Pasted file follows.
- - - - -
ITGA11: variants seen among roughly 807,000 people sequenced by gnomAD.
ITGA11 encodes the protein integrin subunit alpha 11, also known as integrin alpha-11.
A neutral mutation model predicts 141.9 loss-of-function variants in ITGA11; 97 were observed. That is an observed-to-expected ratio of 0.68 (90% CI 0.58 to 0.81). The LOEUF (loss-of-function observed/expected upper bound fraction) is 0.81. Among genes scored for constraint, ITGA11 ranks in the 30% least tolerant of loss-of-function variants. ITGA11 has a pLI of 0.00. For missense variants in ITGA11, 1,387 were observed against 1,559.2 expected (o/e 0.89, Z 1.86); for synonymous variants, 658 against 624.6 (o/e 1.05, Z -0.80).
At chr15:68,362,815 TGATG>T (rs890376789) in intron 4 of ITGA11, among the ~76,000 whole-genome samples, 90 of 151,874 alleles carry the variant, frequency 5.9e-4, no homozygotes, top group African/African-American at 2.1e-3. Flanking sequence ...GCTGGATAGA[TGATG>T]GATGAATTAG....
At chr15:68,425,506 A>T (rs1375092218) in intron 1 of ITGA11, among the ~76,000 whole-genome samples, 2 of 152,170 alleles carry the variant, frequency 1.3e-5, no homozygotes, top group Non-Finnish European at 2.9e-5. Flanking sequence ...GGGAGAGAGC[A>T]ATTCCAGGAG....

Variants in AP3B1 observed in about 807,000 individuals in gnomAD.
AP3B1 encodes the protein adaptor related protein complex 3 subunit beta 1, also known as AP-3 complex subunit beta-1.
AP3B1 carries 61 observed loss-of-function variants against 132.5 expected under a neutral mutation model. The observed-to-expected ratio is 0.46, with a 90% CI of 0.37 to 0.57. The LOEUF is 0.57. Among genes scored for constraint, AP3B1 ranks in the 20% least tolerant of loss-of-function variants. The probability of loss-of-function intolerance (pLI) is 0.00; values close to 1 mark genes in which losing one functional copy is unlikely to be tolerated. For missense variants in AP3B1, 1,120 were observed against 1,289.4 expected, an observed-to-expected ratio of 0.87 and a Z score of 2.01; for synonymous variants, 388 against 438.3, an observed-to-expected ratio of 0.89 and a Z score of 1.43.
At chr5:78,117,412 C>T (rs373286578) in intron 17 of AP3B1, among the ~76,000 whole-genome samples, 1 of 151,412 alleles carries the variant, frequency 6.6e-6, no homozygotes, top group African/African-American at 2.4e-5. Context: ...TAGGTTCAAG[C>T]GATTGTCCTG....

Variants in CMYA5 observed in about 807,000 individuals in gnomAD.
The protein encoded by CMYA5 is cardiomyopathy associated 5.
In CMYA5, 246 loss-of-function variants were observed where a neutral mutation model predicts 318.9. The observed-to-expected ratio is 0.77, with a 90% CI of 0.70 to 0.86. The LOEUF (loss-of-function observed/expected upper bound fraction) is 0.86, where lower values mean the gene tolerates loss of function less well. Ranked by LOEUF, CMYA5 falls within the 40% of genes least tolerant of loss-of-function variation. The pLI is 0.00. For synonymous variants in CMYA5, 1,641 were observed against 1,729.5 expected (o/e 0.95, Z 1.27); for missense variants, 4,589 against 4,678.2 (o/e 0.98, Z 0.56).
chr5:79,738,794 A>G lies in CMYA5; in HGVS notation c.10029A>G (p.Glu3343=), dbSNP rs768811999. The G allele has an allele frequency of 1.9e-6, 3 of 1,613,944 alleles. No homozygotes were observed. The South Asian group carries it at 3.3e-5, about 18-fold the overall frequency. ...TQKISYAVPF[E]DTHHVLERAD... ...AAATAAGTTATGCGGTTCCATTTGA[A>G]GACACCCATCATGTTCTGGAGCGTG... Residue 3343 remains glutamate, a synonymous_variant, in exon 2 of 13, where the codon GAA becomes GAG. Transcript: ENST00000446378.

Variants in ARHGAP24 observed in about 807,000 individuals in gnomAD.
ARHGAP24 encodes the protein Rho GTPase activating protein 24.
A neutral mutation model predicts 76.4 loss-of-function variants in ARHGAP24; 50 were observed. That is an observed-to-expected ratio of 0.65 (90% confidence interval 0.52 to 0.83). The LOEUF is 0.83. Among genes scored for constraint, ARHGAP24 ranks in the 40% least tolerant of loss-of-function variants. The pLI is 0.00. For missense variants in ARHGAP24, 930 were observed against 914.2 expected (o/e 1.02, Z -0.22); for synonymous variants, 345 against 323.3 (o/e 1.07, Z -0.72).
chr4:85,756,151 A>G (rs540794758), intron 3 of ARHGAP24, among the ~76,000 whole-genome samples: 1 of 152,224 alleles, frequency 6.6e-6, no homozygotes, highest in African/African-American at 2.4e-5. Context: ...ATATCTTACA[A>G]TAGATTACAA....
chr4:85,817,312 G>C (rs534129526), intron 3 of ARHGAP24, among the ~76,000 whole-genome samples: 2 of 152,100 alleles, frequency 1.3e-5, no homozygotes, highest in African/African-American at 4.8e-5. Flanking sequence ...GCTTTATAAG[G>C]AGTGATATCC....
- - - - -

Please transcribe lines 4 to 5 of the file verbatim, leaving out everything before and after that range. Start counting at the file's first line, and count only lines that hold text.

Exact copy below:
At chr15:68,362,815 TGATG>T (rs890376789) in intron 4 of ITGA11, among the ~76,000 whole-genome samples, 90 of 151,874 alleles carry the variant, frequency 5.9e-4, no homozygotes, top group African/African-American at 2.1e-3. Flanking sequence ...GCTGGATAGA[TGATG>T]GATGAATTAG....
At chr15:68,425,506 A>T (rs1375092218) in intron 1 of ITGA11, among the ~76,000 whole-genome samples, 2 of 152,170 alleles carry the variant, frequency 1.3e-5, no homozygotes, top group Non-Finnish European at 2.9e-5. Flanking sequence ...GGGAGAGAGC[A>T]ATTCCAGGAG....